Terry Tempest Williamsn . . . from page 1
Williams is widely regarded as the heir to Edward Abbey and Wallace Stegner. “She’s the undisputed queen,” says Betsy Burton, writer, bookseller, and co-owner of The King’s English Bookshop. “She combines spirituality and a deep, deep scientific knowledge and passion in a way that nobody else does who’s writing today. I think she’s right at the forefront and always has been.”
Mike Matz, Director of U.S Public Lands for the Pew Charitable Trusts confesses, “I really think you’d have to go back to folks who aren’t around anymore to meet her match, like Mardy Murie, who similarly stuck her neck out. If I were President, I’d nominate her in a heartbeat for Interior Secretary. Terry believes in the power of people and democracy.”
Even for former intimates who have largely lost contact over the years, like writer David Petersen, her presence remains profound. “It’s one thing to read something on a page and another to hear an eloquent, expressive, passionate person evoke those things. People will wait two hours to speak to her for one minute. For that one minute, she’s 110% with that one person, so she’s worth waiting for.”
Petersen first met Williams at a memorial service for Edward Abbey in 1989; he would later edit Abbey’s personal journals. “She was in a gingham dress and barefoot, the picture of youthful innocence. She could tell I felt a little awkward around famous people like Wendell Berry, and she just grabbed me and took me around and introduced me.”
“She’s the universal mother,” Petersen says. “She approaches people that way, and people respond to her that way. People come to her as a stranger and pour their hearts out to her; she’s just a unique human being. One of a kind. Period. I can’t think of anyone who comes close.”
As a child, Williams witnessed a nuclear explosion. It dusted her family’s car with ash and turned into a recurring nightmare. “I belong to a Clan of One-Breasted Women,” she wrote in an essay. “My mother, my grandmothers, and six aunts have all had mastectomies. Seven are dead.” She suspects the nuclear fallout from multiple tests led to the family’s cancer. Operation Plumbbob was essential to so-called national security in 1957. It easily trumped public health.
In the same essay she compares nuclear policy to her religion. “In Mormon culture, authority is respected, obedience is revered, and independent thinking is not. I was taught as a young girl not to ‘make waves’ or ‘rock the boat.’”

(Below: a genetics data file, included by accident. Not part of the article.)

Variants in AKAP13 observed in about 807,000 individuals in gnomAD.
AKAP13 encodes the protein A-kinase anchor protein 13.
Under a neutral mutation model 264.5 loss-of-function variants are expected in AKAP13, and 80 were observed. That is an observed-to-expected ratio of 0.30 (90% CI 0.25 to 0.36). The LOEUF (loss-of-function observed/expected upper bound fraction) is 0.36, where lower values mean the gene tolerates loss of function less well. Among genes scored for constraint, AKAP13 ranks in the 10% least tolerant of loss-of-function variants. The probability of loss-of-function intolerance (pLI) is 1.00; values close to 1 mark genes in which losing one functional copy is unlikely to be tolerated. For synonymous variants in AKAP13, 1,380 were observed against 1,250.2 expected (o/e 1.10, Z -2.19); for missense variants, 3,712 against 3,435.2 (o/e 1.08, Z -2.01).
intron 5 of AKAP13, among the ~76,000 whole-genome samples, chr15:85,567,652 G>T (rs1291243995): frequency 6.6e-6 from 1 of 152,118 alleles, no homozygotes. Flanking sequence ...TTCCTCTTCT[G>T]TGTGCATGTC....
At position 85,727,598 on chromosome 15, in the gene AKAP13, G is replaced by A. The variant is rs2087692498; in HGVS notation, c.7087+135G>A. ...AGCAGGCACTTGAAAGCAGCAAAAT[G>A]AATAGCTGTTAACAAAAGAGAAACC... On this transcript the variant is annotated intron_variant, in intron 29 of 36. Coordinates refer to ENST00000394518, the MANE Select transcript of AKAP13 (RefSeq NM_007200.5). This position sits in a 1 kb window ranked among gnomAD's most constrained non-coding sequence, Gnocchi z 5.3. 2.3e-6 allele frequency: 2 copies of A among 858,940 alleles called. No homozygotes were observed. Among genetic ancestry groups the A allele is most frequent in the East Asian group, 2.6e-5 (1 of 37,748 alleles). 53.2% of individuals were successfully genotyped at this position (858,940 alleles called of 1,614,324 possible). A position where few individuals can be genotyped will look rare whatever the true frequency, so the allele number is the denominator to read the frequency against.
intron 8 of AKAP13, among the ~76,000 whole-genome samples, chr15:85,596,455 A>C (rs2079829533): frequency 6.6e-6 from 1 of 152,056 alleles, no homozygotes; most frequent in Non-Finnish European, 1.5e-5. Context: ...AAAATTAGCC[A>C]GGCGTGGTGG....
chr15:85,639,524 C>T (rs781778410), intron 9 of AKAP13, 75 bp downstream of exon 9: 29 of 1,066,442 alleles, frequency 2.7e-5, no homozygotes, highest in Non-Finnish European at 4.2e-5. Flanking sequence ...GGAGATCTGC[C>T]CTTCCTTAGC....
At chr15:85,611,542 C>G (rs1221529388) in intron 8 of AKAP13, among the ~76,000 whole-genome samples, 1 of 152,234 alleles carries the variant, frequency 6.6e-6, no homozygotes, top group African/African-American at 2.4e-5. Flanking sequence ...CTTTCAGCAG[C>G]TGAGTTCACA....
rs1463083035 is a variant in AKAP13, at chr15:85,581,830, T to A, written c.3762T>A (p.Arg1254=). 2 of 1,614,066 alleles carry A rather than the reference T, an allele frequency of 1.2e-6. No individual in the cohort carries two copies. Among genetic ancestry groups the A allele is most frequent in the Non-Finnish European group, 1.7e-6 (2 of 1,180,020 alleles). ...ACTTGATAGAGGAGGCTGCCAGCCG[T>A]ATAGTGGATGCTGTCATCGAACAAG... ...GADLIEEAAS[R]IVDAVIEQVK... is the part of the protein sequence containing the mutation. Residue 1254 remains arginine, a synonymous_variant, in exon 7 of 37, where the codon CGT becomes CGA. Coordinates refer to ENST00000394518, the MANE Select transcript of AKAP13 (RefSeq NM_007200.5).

“‘Just let it go,’ Mother would say. ‘You know how you feel, that’s what counts.’”
“For many years, I have done just that—listened, observed, and quietly formed my own opinions, in a culture that rarely asks questions because it has all the answers. But one by one, I have watched the women in my family die common, heroic deaths. We sat in waiting rooms hoping for good news, but always receiving the bad. I cared for them, bathed their scarred bodies, and kept their secrets.”
“The price of obedience has become too high.”
“The fear and inability to question authority that ultimately killed rural communities in Utah during atmospheric testing of atomic weapons is the same fear I saw in my mother’s body. Sheep. Dead sheep. The evidence is buried,” Williams writes.
Florence Krall Shepard taught educational, environmental, and feminist studies to the undergraduate Williams at the University of Utah. Years later, they co-taught courses, and Shepard remembers watching her teach a segment on birds. Williams jumped and flapped her arms, popped forward, rocked back, and twirled around, “dancing like a Sandhill Crane in courtship, showing the students—like ballet in the classroom.” Shepard says for as long as she knew her, Williams combined passion with questioning. “Terry was, you can imagine, interested in everything that had to do with nature, and she always had something that made people laugh.”
“But as an inquirer, Terry had a lot of hard questions and did a lot of processing on her own. She didn’t take too well to conventional assignments,” Shepard laughs. “She interpreted them in her own way, and she read voraciously; she was always reading, and she wrote constantly. If we went on a weekend workshop, she’d fill a journal, so she was very skilled and also very inquisitive.”